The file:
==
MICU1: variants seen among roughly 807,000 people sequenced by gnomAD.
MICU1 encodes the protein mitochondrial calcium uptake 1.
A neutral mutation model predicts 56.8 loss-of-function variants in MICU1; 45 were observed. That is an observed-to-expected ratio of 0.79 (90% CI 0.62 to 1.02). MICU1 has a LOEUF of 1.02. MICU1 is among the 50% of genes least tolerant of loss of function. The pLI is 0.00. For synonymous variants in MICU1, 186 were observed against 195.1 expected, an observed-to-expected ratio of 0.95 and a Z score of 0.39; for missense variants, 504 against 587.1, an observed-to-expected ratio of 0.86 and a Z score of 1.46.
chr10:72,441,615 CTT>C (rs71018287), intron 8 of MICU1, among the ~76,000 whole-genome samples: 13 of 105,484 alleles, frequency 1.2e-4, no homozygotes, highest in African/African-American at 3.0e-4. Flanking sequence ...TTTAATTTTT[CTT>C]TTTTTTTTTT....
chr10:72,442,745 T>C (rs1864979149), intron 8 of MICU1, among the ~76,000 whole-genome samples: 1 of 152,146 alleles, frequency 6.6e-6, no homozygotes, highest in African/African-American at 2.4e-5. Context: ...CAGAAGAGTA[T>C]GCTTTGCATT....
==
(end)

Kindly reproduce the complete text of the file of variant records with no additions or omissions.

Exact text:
MICU1: variants seen among roughly 807,000 people sequenced by gnomAD.
MICU1 encodes the protein mitochondrial calcium uptake 1.
A neutral mutation model predicts 56.8 loss-of-function variants in MICU1; 45 were observed. That is an observed-to-expected ratio of 0.79 (90% CI 0.62 to 1.02). MICU1 has a LOEUF of 1.02. MICU1 is among the 50% of genes least tolerant of loss of function. The pLI is 0.00. For synonymous variants in MICU1, 186 were observed against 195.1 expected, an observed-to-expected ratio of 0.95 and a Z score of 0.39; for missense variants, 504 against 587.1, an observed-to-expected ratio of 0.86 and a Z score of 1.46.
chr10:72,441,615 CTT>C (rs71018287), intron 8 of MICU1, among the ~76,000 whole-genome samples: 13 of 105,484 alleles, frequency 1.2e-4, no homozygotes, highest in African/African-American at 3.0e-4. Flanking sequence ...TTTAATTTTT[CTT>C]TTTTTTTTTT....
chr10:72,442,745 T>C (rs1864979149), intron 8 of MICU1, among the ~76,000 whole-genome samples: 1 of 152,146 alleles, frequency 6.6e-6, no homozygotes, highest in African/African-American at 2.4e-5. Context: ...CAGAAGAGTA[T>C]GCTTTGCATT....